Speaking Tuesday evening to the National Press Club, Attorney General Eric Holder said he supports a moratorium on the death penalty until the Supreme Court issues a ruling later this year on the Oklahoma lethal injection case currently before the justices:
“I think fundamental questions about the death penalty need to be asked. And among them, the Supreme Court’s determination as to whether or not lethal injection is consistent with our Constitution is one that ought to occur. From my perspective, I think a moratorium until the Supreme Court made that determination would be appropriate.”
The Supreme Court has agreed to review a case filed by inmates on Oklahoma’s death row. In their lawsuit, the inmates allege lethal injection violates the Constitution’s ban on cruel and unusual punishment. The case was filed following the horrific execution of Clayton Lockett. It took a three-drug intravenous cocktail 43 minutes to kill Lockett.
Holder also said that he believes the best reason to eliminate the death penalty is the possibility of executing an innocent person:
“Our system of justice is the best in the world. It is comprised of men and women who do the best they can, get it right more often than not, substantially more right than wrong. There’s always the possibility that mistakes will be made… It’s for that reason that I am opposed to the death penalty.”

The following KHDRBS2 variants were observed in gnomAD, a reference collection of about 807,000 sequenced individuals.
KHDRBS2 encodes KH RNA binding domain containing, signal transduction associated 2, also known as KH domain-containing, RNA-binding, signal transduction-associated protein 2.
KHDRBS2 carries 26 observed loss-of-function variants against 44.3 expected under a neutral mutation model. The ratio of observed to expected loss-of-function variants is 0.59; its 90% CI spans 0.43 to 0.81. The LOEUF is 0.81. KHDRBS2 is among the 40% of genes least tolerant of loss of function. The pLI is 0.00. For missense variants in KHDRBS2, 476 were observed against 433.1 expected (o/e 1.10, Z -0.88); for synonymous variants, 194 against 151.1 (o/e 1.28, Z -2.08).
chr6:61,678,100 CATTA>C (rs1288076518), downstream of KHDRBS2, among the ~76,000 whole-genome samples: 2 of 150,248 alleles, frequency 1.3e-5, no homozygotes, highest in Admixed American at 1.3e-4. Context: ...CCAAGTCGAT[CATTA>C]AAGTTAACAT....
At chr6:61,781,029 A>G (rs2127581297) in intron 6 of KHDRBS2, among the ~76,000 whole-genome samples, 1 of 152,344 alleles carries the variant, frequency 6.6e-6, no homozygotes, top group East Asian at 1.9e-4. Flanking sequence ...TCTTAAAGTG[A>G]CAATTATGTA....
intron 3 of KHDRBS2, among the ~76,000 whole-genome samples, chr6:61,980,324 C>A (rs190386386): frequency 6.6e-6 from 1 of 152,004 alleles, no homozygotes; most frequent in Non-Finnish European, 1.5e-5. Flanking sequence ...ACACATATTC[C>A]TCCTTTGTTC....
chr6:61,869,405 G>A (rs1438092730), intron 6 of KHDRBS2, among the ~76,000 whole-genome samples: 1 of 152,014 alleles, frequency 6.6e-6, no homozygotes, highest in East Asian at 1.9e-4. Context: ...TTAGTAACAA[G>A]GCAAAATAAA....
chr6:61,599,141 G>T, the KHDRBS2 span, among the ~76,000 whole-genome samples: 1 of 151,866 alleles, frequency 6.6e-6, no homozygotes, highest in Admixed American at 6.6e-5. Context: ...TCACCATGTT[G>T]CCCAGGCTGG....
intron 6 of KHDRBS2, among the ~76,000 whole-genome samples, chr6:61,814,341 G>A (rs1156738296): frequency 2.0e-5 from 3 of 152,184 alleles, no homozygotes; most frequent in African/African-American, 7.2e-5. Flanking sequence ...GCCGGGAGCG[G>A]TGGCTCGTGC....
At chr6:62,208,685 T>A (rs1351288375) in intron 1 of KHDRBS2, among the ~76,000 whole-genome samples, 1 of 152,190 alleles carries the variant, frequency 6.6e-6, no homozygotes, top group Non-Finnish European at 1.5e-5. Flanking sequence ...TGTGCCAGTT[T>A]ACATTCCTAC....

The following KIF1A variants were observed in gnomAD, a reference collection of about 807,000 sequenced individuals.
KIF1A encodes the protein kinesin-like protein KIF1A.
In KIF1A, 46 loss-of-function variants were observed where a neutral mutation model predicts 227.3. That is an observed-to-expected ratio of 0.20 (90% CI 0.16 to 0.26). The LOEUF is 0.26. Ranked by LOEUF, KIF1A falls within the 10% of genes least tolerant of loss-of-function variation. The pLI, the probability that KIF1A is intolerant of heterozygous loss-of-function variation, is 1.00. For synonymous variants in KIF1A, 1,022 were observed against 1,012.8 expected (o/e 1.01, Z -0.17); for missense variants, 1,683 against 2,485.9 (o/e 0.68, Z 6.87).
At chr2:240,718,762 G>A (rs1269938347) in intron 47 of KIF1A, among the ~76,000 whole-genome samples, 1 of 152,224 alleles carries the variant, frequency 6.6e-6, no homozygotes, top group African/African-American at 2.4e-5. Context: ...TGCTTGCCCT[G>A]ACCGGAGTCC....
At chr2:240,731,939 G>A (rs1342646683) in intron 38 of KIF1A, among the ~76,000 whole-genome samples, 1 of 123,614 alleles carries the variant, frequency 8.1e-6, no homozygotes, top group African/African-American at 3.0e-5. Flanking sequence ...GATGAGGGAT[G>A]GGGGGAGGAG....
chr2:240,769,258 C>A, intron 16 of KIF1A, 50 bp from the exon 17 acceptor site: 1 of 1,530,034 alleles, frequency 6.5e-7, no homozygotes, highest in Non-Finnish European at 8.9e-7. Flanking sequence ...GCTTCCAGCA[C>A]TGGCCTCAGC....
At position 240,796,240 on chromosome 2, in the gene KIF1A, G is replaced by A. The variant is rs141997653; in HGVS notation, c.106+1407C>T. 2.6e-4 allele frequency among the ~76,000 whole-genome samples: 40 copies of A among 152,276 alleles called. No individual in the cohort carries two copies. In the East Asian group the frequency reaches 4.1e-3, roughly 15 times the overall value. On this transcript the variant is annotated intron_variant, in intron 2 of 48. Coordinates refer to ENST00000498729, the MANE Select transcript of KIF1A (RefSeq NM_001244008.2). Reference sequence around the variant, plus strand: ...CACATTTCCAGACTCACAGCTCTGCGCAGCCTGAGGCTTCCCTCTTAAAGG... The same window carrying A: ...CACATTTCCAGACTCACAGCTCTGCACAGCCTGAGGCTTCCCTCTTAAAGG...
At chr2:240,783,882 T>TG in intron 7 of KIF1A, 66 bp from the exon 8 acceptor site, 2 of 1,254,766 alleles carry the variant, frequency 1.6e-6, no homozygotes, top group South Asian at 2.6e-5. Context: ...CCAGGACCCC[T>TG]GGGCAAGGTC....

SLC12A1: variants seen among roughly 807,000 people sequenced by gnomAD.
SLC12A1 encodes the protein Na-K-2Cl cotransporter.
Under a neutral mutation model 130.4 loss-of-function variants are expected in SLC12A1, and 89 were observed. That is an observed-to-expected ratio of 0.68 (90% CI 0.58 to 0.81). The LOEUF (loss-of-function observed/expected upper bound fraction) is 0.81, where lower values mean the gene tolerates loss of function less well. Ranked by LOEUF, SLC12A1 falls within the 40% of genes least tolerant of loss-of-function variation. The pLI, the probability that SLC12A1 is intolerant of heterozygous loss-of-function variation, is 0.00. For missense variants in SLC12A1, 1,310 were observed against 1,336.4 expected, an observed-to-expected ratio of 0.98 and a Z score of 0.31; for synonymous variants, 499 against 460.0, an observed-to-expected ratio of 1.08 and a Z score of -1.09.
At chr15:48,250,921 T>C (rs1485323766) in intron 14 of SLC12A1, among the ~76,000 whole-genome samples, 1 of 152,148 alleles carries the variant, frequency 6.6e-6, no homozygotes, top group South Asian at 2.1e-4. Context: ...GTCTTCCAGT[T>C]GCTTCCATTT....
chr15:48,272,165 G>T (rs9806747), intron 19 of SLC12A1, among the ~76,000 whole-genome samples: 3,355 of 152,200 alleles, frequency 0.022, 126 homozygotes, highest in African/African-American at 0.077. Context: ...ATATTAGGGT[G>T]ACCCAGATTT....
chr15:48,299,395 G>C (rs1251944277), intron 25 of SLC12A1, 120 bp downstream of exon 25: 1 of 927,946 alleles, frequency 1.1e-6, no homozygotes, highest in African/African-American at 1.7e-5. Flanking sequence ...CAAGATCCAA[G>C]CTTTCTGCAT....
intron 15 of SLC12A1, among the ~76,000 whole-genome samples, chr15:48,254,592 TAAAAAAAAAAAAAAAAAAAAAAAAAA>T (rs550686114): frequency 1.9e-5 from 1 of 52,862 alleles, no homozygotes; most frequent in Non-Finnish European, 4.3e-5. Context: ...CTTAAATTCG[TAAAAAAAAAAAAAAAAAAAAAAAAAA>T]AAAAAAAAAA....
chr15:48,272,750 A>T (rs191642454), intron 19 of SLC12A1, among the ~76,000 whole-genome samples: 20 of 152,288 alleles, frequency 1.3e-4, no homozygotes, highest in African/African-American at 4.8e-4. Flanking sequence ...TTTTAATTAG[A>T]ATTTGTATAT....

The Attorney General stressed that he was speaking of his personal feelings about capital punishment and was not reflecting the positions of the Obama Administration.
In the past, Holder has remarked that the recent history of administering the death penalty is one of the main reasons he opposes it. As he told an audience at The Marshall Project just last year:
“I think that the issue is made real when you look at some of the things that have happened in the states over the last year or so, where you had these botched executions, where you had an inability to get the appropriate drug. We’ve had doctors unwilling to participate in the process. I think this is pushing this country toward some really fundamental questions about — even though, you know, people still support the death penalty by 55 percent, or whatever the number is — some fundamental questions about continued use of the death penalty.”
While Holder’s comments are certainly encouraging to those of us who oppose capital punishment, we will have to wait a little longer to discover if the Supreme Court agrees.
This article was originally published by the same author at LiberalAmerica.org